“Usually the volunteer has a story — my mom was diagnosed or my aunt or my grandmother or my wife, or I myself am a survivor,” Carter says. “And they say, ‘I just want to give back,’

“Anytime you have a volunteer, they have to be engaged in your mission, and believe in it and entrust in it, and know that they are there to help,” Carter says.

The second matter is asking what the person has done, and finding out about his or her background and interests.

“I think we all know that whether you’re in a job or volunteering, you have to love what you do. And if you don’t, then it’s very hard to motivate someone,” Carter says.

“You want to sit down and ask the right questions, and make sure that it’s a good fit for the organization and that it’s a good fit for that volunteer.”

Although communication skills are helpful because there are a lot of jobs where volunteers interact with other people, there are other ways to make an impact, Carter says. Whatever roles they fill, volunteers, staff members, board members and corporate partners know the strength of the organization’s mission.

Keeping the engagement

The mission and vision statements of a company, when used properly, guide an organization to inspire employees to reach its goals.

But how you maintain inspiration in any organization, for-profit or not-for-profit, where burnout is a concern, may be a large factor in your success.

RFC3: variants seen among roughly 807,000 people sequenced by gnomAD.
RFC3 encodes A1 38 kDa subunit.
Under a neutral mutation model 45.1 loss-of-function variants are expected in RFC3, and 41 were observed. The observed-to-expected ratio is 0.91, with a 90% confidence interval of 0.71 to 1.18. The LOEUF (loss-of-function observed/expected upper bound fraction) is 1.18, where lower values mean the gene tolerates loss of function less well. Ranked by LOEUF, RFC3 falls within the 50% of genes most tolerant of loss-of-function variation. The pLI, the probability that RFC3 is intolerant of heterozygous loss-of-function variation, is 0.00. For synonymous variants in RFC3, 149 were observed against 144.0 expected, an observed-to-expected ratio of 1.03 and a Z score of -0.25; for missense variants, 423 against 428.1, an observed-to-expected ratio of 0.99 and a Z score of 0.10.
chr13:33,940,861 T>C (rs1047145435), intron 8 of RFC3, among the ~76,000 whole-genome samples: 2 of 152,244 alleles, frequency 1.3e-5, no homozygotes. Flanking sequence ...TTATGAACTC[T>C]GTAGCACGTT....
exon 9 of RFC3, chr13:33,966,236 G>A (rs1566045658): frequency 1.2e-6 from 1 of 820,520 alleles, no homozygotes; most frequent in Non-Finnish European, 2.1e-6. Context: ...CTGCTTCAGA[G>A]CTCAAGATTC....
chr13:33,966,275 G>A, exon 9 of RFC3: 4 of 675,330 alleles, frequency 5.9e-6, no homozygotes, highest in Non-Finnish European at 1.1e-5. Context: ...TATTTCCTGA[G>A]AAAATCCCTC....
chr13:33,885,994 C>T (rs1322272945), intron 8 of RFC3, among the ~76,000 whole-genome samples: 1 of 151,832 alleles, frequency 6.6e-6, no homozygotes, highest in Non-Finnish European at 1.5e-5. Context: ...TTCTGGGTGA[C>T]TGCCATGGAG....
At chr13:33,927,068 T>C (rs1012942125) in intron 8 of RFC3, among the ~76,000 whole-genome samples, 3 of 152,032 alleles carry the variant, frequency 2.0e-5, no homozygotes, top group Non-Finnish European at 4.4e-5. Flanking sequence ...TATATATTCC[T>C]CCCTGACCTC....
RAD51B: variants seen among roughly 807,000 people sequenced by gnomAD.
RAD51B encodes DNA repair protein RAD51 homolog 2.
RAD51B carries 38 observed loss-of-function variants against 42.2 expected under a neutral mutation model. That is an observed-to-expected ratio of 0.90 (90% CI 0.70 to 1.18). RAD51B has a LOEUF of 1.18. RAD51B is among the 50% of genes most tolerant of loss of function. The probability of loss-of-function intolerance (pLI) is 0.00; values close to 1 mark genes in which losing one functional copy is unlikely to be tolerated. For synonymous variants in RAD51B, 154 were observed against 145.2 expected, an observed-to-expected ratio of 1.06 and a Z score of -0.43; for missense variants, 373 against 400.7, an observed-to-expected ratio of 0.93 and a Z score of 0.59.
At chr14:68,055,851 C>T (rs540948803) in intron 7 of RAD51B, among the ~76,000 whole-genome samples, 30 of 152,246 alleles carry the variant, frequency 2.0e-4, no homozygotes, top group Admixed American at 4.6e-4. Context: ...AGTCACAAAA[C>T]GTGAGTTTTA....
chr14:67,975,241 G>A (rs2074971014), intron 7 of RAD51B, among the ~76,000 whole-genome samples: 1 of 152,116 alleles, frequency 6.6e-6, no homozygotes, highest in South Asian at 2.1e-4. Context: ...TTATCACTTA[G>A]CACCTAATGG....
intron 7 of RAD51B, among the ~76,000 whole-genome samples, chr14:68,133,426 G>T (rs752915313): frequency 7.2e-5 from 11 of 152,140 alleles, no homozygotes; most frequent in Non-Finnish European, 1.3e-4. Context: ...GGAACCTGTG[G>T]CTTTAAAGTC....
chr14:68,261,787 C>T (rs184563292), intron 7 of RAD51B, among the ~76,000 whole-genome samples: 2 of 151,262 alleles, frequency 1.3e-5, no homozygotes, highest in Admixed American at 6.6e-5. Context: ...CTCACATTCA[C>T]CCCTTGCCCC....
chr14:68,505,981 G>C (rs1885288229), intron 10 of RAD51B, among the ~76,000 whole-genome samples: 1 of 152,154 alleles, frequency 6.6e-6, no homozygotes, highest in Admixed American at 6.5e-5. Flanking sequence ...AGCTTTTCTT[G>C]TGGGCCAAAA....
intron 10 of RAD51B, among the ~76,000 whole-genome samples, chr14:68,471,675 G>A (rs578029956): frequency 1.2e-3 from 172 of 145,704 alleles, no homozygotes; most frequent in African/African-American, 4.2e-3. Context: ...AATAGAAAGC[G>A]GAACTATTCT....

Susan G. Komen for the Cure allows people to help in many ways, whether by donating money, participating in events or donating their time and talents to make the organization grow and be what it is today, Carter says.

That flexibility keeps the nonprofit strong — as long as it stays true to its vision of a breast cancer-free world.

The affiliate works with volunteers’ schedules, and seeks to let them know that whatever they can give helps.

“As organizations grow, people come and go, and they serve their time. But they are still always connected by it,” Carter says.

“And once you leave, you don’t really leave. It’s one of those things where you’re always connected by Komen or breast cancer,” she says. “So we always say that even though people maybe don’t stay with us every day, they are still with us in spirit, and support the organization.”

For example, the Columbus affiliate’s founders still come to the annual race and are engaged with overall community support, even though they may not be involved with day-to-day operations.

Carter says it’s just like anything else, whether it’s a job or an organization, you’re going to have turnover in terms of people coming and going. As others get involved, however, new ideas and innovation can come out of it.

“That’s OK with us as long as we know that we always have a core volunteer base, as our go-to,” she says. “Then as people move on, they get replaced and that’s OK. It’s good to have change and get others involved.”

Stay true to your mission

There are always potential challenges facing an organization. They can range from financial woes to straying away from the mission. But once you notice a growing challenge, it’s time to execute your response.

“I think everybody always has challenges,” Carter says. “I think you have to adapt, and I think that’s the biggest thing. You have to know why things are changing, whether it’s good or bad.”

The next step is to take an introspective look at the situation.

“Evaluate where you’re at and what needs to happen to make those changes, because in any organization, whether it’s nonprofit or business, things do change,” Carter says. “Whether it’s through financial crisis, the economy has issues, or there are changes in laws, or there are just changes in how people give — you have to adapt.